Another Judge Gone Wild
March 24, 2009
It seems that some judges now deem themselves to be not only policy-makers, but medical experts:
A federal judge ordered the Food and Drug Administration yesterday to reconsider its 2006 decision to deny girls younger than 18 access to the morning-after pill Plan B without a prescription.
U.S. District Judge Edward R. Korman in New York instructed the agency to make Plan B available to 17-year-olds within 30 days and to review whether to make the emergency contraceptive available to all ages without a doctor’s order.
In his 52-page decision, Korman repeatedly criticized the FDA’s handling of the issue, agreeing with allegations in a lawsuit that the decision was “arbitrary and capricious” and influenced by “political and ideological” considerations imposed by the Bush administration.
“These political considerations, delays and implausible justifications for decision-making are not the only evidence of a lack of good faith and reasoned agency decision-making,” he wrote. “Indeed, the record is clear that the FDA’s course of conduct regarding Plan B departed in significant ways from the agency’s normal procedures regarding similar applications to switch a drug from prescription to non-prescription use.”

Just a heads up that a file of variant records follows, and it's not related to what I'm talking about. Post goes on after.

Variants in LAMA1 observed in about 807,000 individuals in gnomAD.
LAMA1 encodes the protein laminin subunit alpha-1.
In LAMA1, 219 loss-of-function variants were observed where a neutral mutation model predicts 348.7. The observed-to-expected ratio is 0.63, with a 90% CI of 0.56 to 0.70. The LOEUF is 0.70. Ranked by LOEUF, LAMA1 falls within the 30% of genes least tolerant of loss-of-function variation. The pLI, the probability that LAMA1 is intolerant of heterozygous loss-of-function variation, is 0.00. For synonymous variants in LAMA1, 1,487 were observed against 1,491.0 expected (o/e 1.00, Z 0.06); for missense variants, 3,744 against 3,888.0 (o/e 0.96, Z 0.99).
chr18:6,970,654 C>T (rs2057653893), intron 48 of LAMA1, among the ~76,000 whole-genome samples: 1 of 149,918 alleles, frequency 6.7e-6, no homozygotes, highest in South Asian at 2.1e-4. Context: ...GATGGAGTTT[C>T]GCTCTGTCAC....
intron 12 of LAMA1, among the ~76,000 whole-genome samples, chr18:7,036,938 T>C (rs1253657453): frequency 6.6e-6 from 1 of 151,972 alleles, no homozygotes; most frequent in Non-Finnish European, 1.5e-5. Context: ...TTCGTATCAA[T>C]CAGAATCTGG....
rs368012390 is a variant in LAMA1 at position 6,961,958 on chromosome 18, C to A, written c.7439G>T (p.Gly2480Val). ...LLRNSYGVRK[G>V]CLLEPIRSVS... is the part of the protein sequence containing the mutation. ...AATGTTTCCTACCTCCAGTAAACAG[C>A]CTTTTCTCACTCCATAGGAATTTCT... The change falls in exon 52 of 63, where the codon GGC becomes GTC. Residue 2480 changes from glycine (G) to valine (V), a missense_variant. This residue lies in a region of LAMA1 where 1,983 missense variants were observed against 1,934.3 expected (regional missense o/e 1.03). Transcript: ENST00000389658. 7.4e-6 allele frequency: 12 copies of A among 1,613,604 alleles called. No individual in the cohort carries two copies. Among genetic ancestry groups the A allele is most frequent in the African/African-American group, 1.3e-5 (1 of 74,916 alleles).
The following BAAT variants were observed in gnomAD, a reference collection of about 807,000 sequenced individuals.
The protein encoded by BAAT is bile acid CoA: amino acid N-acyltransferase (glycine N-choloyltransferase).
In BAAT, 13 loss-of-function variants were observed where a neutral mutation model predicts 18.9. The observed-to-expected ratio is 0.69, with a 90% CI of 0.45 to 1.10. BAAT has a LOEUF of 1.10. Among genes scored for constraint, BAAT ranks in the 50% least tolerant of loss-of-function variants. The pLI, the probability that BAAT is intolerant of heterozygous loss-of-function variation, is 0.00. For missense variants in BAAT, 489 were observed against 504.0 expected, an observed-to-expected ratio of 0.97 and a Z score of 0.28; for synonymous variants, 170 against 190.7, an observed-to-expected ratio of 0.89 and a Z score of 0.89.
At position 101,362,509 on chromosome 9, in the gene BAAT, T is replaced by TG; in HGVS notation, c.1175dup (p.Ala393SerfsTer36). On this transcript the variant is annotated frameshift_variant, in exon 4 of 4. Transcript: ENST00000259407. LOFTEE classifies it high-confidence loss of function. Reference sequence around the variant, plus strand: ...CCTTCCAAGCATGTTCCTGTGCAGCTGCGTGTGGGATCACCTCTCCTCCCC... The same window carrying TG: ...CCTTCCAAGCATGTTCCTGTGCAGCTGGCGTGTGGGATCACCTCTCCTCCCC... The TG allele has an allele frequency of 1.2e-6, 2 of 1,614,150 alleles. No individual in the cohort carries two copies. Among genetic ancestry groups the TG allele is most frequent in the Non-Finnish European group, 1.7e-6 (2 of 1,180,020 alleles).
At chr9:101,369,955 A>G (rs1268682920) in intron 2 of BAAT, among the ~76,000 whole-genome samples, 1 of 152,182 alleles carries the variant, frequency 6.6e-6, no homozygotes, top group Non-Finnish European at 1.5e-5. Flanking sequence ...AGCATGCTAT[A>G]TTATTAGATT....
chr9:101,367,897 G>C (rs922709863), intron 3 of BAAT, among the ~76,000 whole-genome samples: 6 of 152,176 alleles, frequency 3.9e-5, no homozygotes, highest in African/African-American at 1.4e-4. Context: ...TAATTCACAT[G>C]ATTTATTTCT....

This strikes me as, frankly, incredible. Admittedly, I have not yet had time to read the judge’s 52-page opinion, but if the Washington Post’s story is accurate, then it appears that a judge has taken it upon himself to declare that minors, who cannot obtain birth control pills without a prescription, must be given access to the morning-after pill on an over-the-counter basis. Surely teenage girls can be trusted to behave responsibly in using such dangerous “medication” without any medical or other supervision, especially the ones who were responsible enough to get pregnant in the first place.
Besides the irresponsible nature of the judge’s decision, this goes to the heart of what a judge does. Should a judge be making policy decisions like this? The judge says the FDA’s policy was “political”, and then promptly made his own political judgment in setting the policy himself. The FDA has doctors and decision-makers with (hopefully) the appropriate expertise. A judge is not appointed for his ability to make medical or political judgments. He or she is appointed for legal judgments. Labeling a policy-maker’s judgment as “arbitrary” hardly gives a judge carte blanche to make an equally arbitrary decision (the judge decided that although the FDA arbitrarily set the age requirement for the abortion pill at 18, it should be set at 17 and the FDA must re-examine, within 30 days, whether the age should be lower, which will somehow be less arbitrary).